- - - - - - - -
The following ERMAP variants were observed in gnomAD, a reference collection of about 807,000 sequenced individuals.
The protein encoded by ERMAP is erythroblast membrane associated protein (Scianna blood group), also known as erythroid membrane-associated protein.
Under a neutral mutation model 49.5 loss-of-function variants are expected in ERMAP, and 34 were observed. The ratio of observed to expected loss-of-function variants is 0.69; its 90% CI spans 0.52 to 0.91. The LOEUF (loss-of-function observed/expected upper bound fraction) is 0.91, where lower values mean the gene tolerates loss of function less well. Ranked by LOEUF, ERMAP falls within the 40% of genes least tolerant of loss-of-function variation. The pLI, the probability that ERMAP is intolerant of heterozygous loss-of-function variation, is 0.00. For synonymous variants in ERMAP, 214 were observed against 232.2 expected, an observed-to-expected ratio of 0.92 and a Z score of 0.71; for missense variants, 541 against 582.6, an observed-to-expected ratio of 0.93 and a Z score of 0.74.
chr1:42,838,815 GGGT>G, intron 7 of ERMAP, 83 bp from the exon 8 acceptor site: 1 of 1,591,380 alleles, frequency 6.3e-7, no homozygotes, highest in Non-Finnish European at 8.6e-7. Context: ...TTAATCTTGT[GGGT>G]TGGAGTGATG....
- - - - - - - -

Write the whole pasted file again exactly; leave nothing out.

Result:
The following ERMAP variants were observed in gnomAD, a reference collection of about 807,000 sequenced individuals.
The protein encoded by ERMAP is erythroblast membrane associated protein (Scianna blood group), also known as erythroid membrane-associated protein.
Under a neutral mutation model 49.5 loss-of-function variants are expected in ERMAP, and 34 were observed. The ratio of observed to expected loss-of-function variants is 0.69; its 90% CI spans 0.52 to 0.91. The LOEUF (loss-of-function observed/expected upper bound fraction) is 0.91, where lower values mean the gene tolerates loss of function less well. Ranked by LOEUF, ERMAP falls within the 40% of genes least tolerant of loss-of-function variation. The pLI, the probability that ERMAP is intolerant of heterozygous loss-of-function variation, is 0.00. For synonymous variants in ERMAP, 214 were observed against 232.2 expected, an observed-to-expected ratio of 0.92 and a Z score of 0.71; for missense variants, 541 against 582.6, an observed-to-expected ratio of 0.93 and a Z score of 0.74.
chr1:42,838,815 GGGT>G, intron 7 of ERMAP, 83 bp from the exon 8 acceptor site: 1 of 1,591,380 alleles, frequency 6.3e-7, no homozygotes, highest in Non-Finnish European at 8.6e-7. Context: ...TTAATCTTGT[GGGT>G]TGGAGTGATG....